Bath time can be an intimidating task for new parents to tackle. There’s so much to remember–What temperature should the water be?! What do I do with the umbilical cord?! What products should I use?! Indy Night Nanny leaned into our expert network of nannies for the best tips to prepare you for the first bath at home.

1. Only undress the baby after you have gathered all the items you will need. This includes having the bath water ready in the baby tub and tested for temperature (99 – 100 degrees), a warm towel, baby soap/shampoo, and washcloth.  (The water should cover the baby’s body but not the head and neck.)

2. Wash from the head down with a soft cloth and the diaper area last to keep the washcloth sanitary. Massage the entire scalp gently, including the soft spots. When you rinse the soap or shampoo from the head, cup your hand across the forehead so the suds run toward the sides, not into the eyes. Should you get some soap in the eyes, and the baby cries out, simply take the wet washcloth and liberally wipe the eyes with plain lukewarm water until all soap is gone.

3. Pay attention to creases on the baby’s body like under the arms or in their neck. (Babies tend to “store milk” in the creases of their neck!)

4.  Take extra care when removing the baby from the bathtub. Wet babies are slippery!

5. Never leave the baby unattended!

6. After a bath is a great time for a baby massage. Be sure to place a diaper on the baby first and try to finish the massage before the baby gets cold.  Then dress the baby immediately.

There is no set amount of time a baby’s bath should last. If the baby is enjoying the water, let the baby continue bathing! The more comfortable a baby is in the water, the better for development. Baths can also be a soothing way to transition into nighttime hours. However, if the baby gets too upset at bathtime, then consider moving bathtime to the middle of the day. You can try changing the time to bedtime when they are a few weeks older.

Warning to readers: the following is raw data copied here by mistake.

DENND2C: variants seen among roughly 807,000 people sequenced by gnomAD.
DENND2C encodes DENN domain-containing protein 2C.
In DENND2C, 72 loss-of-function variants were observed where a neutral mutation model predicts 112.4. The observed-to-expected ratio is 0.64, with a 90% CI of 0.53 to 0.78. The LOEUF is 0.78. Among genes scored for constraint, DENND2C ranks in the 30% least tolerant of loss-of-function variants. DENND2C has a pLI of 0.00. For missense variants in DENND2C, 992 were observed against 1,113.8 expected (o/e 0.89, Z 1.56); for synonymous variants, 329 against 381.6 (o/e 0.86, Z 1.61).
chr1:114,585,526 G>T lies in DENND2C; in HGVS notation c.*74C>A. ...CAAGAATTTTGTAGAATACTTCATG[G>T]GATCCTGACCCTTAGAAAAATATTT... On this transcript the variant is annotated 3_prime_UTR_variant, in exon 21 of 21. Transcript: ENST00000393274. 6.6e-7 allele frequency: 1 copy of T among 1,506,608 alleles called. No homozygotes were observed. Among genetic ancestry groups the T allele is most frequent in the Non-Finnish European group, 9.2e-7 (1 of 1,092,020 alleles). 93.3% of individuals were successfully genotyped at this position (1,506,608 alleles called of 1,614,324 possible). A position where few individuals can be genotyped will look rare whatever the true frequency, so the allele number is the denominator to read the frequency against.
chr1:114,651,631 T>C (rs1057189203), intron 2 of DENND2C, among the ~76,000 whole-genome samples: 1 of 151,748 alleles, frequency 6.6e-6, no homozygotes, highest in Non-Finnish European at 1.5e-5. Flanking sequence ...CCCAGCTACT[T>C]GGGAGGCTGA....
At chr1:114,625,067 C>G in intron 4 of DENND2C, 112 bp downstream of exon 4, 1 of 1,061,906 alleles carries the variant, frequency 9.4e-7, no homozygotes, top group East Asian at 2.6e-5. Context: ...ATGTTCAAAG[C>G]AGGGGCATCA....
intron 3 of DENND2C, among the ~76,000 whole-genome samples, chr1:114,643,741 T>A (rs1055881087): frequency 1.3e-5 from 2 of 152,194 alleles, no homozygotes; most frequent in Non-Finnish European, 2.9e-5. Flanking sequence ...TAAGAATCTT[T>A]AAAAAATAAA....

(Resources: Your Guide to Becoming a Newborn Care Specialist, Haleigh Almquist/Brittany Hunt, The American Academy of Pediatrics, and Your Baby’s First Year, Steven P. Shelov, M.D., F.A.A.P. )

Bathtime for Preemies

  *A premature baby should not be given a bath in the traditional sense. Bathe him/her in an area that is warmed, possibly involving a space heater, due to the baby’s limited ability to regulate body temperature. Soaps should be avoided as they can irritate a premature baby’s skin. It’s best to use warm water and a sponge. Preemies can become very overstimulated by baths. If this is the case, you can perform a swaddled bath-just as it sounds. You bathe the baby while in a swaddled blanket and immersed into water that covers the body, except the head and neck. Once the bath is completed, wrap the baby in a warm towel and dress the baby immediately.

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